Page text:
I Dislike The D&D Adventurer’s League

Time to Rant

I dislike the D&D Adventurer’s League so much, I’ve never had good feelings about it. The first few times I attended was good, the players were relaxed and the Dungeon Master was loose with the rules.

Adventurer’s League is setup in a very linear way. Players always start at level 1 and keep track of their character(s). There are different campaigns usually ran by different people dependent on people’s character’s level.


1st tier: 1 -4
2nd tier: 5-10
3rd tier: 11-16
1st tier: 17-20

Last season I wanted to join but the only option available to me for the schedule I had available was a Tier 2 game. I was told I would be turned away because “it wouldn’t be fair to other players that I didn’t grind through level 1 – 5,” umm, what? I’m a seasoned player and would like to play something at any level.. I’m not against lower level characters but it didn’t fit my schedule. I asked the official twitter how I could remedy this and I was told to run games for others. So in the span of a few days I was told I can’t play but I should spend my own time and money to let others play. I already spend my time and money running a home group but I wanted to play something with new people.

Now, I don’t know how many other people are stuck with a rigid “can’t play unless you start at the beginning” situation and then don’t play but probably too many. I really feel like the many rules and regulations are one the AL prevents people from playing.


There needs to be a better setup for new players. I do think level 1 is great for learning the game but if there is a player who has been playing for a few years first level feels very slow. I think an online tracker or an app to track play and getting rid of tiered play completely. Let players join any group with 5 players or less. Finally, don’t tell people the only fix to their situation is starting their own group! Let me know what you think of the D&D Adventurer’s League down below.

Writing For Myself

So I’ve been in the process for the last year of writing a full-fledged campaign for D&D. Complete with descriptions of towns and people and lore. Very recently I polished up one of the settlements called Cliffeld

Location: Cliffeld

A small town with not much to it when you approach from the main road but it has its quirks.

There is a fairly large inn with a bar on the bottom floor. The bar serves food and beer, it’s run by Trina, a human woman who doesn’t trust many but trusts the malnourished Dwarf, Skinny McDirbbles. Skinny actually lives under the bar. At one end of the bar, there is a secret door that can be pushed open. Walk down seven steps and there is Skinny’s home. There is a hammock, a few crates, and a dull gray tapestry hanging on one wall. Making friends with Skinny will let him feel comfortable enough to show you that he has a tunnel behind the tapestry into the warehouse next door.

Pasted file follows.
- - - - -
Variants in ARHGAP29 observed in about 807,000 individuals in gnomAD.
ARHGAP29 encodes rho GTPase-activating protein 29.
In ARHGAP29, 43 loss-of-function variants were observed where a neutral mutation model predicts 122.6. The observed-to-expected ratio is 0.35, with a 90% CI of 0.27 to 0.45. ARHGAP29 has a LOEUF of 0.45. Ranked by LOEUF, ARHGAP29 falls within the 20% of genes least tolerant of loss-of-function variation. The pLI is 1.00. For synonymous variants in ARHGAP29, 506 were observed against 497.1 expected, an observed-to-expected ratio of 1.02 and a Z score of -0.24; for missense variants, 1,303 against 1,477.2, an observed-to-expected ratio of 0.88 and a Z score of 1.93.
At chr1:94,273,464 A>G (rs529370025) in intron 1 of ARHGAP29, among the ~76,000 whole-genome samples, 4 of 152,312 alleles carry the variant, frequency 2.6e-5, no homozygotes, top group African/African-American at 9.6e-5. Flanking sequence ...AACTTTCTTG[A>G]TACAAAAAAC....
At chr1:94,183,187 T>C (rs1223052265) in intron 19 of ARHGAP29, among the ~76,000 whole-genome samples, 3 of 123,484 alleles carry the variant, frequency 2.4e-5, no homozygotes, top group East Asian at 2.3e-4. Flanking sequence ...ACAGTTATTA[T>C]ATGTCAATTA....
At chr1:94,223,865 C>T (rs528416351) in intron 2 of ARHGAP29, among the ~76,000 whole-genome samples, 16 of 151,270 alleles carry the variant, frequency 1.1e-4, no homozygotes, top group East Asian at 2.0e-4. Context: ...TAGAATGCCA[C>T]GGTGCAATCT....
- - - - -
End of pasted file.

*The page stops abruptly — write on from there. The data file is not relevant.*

Opposite the bar of the inn is a courtyard and a small library. The library is unusual books are collected from passing travelers some of them in exchange for food, shelter, or drink. The books are in several languages covering magic, travel, history, and more. Twelve rooms on the second floor of the inn for the weary traveler.

There is a warehouse that backs up to the cliffside and has wide doors leading to the center of town. It’s said that this was where loggers could drop their logs into the ocean to be picked up by transport ships. After Skinny shows someone the tunnel they learn that this warehouse is now a smuggler’s port.

Other buildings in the town is a general merchant selling goods for traveling and a few houses. Things the Merchant, Kernan, doesn’t run out of are rope, iron-tipped arrows, and beans. He lives inside his shop and it’s very hard to steal from.

There is a few homes where people stay. Common tools for woodworking can be found by asking people. There is a lumberjack which, for a fee, will guide someone through the forest or help them track some thing.

Background Music For Your RPGs.

Do you ever think “I wish I could make this scene more immersive?” Well, one easy trick is to add sound. Whether it be background music, ambient sounds, or a mix of the two it can help out immensely. I’ve got a few options for you to look into.

First is Tabletop Audio, this is a free web-based player with a bunch of 10-minute audio scenes. I’ll be using this player during my next session; Lost Mine, Cavern of Lost Souls, and Skirmish for an epic dungeon playlist. You can also support the project on Patreon

Second is Battle Bards this is the best of the best. This is the Vorpal sword of RPG audio. It’s also web-based and can do playlists but it can also play multiple tracks at a time and has cropping abilities. If you want to spend money and have all the options then this is the audio solution to choose.

Lastly there is My Noise, I’ve used this to create scenes for when the team were walking through forests and there were bugs about. Or when they are in a tavern with people talking and cups clinking. This is a really versatile option. You use sliders to add sound effects or ambience to a scene and it plays indefinitely.

I think for my next session I’ll be using Tabletop Audio with a little addition from My Noise to give it that added immersion. Try it out for yourself and let me know!